Historic Bridge

The bridge, built in 1927 and fully rehabilitated (2006-2010), is listed on the National Register of Historic Places. Using hot-dip galvanized steel (HDG) in the rehabilitation extends the life of the bridge.

Date galvanized: 2010

A long life was mandatory to minimize maintenance costs.

The bridge arcs low over a body of salt water and constantly endures harsh conditions, which only worsen during the annual hurricane season. In order to reduce or eliminate maintenance in this harsh environment, painted hot-dip galvanizing was mandatory. The architect and engineers knew that simply specifying ASTM A123 was all that was necessary. All aspects of the coating application were contained in one simple specification.

The Florida Department of Transportation has limited funding, so high quality HDG coating helps insure minimal maintenance costs associated with the steel railings. Reduced maintenance eliminates disruption of foot and vehicle traffic on this heavily used bridge.

The lack of HDG on the 1927 installation required many paint applications. Architectural researchers painstakingly chipped the multiple coats of paint away to find the original color of the railings.  The ease of painting over galvanizing made the duplex coating the right choice. The failure of the original paint coatings, combined with the engineer’s recent success with other galvanized projects, made galvanizing the only choice.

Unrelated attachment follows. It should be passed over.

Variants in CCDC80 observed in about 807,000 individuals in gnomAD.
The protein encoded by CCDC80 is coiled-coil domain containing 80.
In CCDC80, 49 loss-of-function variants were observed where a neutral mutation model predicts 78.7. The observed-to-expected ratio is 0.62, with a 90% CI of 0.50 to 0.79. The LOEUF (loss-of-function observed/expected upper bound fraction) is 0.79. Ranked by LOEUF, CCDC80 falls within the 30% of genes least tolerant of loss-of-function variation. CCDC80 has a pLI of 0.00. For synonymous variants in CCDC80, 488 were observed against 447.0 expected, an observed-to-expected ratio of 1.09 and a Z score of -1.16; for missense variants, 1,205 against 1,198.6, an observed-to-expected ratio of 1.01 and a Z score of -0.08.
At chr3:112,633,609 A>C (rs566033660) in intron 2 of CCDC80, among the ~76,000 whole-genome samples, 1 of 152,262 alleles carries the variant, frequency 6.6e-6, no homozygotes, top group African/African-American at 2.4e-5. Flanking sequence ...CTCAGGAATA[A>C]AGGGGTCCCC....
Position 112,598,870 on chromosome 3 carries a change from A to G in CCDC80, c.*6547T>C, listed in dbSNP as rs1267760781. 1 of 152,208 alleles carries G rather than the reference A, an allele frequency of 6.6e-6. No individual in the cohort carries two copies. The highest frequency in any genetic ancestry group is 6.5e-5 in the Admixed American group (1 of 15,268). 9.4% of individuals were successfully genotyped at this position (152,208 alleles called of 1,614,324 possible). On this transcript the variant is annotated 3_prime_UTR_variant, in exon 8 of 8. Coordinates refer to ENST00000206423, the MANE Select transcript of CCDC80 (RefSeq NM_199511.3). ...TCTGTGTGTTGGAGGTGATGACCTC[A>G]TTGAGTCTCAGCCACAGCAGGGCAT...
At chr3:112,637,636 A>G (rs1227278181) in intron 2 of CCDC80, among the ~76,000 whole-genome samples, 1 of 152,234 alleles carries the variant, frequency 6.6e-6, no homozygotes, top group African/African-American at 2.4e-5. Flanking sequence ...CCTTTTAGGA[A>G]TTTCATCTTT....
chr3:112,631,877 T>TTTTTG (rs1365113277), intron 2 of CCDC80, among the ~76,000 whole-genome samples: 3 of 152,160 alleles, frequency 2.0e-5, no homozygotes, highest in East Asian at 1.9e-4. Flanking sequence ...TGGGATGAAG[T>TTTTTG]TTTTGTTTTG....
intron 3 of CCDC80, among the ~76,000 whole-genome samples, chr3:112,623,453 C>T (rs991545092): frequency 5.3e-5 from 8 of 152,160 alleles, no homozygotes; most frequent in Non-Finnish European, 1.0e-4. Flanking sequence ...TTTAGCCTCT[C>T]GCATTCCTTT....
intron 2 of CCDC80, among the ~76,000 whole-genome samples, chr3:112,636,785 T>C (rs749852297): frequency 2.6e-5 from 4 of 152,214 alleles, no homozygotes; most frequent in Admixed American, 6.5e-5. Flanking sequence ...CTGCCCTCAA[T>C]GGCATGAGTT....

After years of planning, a temporary bridge was constructed nearby, while the bridge was being replaced. It was necessary to process and stage material in a timely sequence as space was not available for storage. Turn time had to be immediate, timely and on schedule. Traffic disruptions were minimized by the use of critical delivery and erection schedules. The fabrication, galvanizing and top coating were done in Indiana. The tightly controlled processing schedule allowed shipping, receipt of material, storage and erection to meet the critical schedule.   

This landmark is seen and used by tens of thousands of residents and tourists daily. On many projects in environmentally sensitive areas or where historically significant considerations exist, there can be conflicts. The use of sustainable galvanized materials that duplicated the original 1927 design appealed to both the environmental and historical considerations.   

The rehabilitation of the bridge was a key component of the city’s goal to increase historic tourism. Thanks to the success of this project, future construction and rehabilitation will use galvanizing.

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